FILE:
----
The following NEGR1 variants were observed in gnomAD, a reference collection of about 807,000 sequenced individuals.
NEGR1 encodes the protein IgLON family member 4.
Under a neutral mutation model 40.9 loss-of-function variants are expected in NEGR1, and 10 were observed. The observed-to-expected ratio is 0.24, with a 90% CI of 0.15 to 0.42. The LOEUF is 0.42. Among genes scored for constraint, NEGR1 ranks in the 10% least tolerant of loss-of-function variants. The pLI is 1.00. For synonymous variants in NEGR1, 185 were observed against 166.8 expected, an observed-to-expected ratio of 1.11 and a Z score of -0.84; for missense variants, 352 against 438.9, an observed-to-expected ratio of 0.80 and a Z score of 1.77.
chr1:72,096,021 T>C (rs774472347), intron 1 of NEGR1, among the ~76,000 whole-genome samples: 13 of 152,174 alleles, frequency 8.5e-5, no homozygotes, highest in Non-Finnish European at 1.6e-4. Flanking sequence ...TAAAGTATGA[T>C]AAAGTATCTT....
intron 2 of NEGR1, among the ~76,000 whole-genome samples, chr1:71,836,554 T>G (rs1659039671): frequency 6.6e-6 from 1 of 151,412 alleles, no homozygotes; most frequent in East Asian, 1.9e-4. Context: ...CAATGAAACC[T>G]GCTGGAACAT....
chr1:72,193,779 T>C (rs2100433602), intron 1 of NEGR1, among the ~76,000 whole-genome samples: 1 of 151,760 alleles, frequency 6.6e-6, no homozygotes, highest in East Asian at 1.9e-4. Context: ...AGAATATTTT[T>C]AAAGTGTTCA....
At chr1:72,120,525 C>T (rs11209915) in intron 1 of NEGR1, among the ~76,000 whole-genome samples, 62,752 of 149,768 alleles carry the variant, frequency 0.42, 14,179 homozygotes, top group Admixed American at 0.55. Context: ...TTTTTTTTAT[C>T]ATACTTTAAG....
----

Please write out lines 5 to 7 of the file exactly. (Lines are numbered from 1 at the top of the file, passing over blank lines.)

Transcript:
intron 2 of NEGR1, among the ~76,000 whole-genome samples, chr1:71,836,554 T>G (rs1659039671): frequency 6.6e-6 from 1 of 151,412 alleles, no homozygotes; most frequent in East Asian, 1.9e-4. Context: ...CAATGAAACC[T>G]GCTGGAACAT....
chr1:72,193,779 T>C (rs2100433602), intron 1 of NEGR1, among the ~76,000 whole-genome samples: 1 of 151,760 alleles, frequency 6.6e-6, no homozygotes, highest in East Asian at 1.9e-4. Context: ...AGAATATTTT[T>C]AAAGTGTTCA....
At chr1:72,120,525 C>T (rs11209915) in intron 1 of NEGR1, among the ~76,000 whole-genome samples, 62,752 of 149,768 alleles carry the variant, frequency 0.42, 14,179 homozygotes, top group Admixed American at 0.55. Context: ...TTTTTTTTAT[C>T]ATACTTTAAG....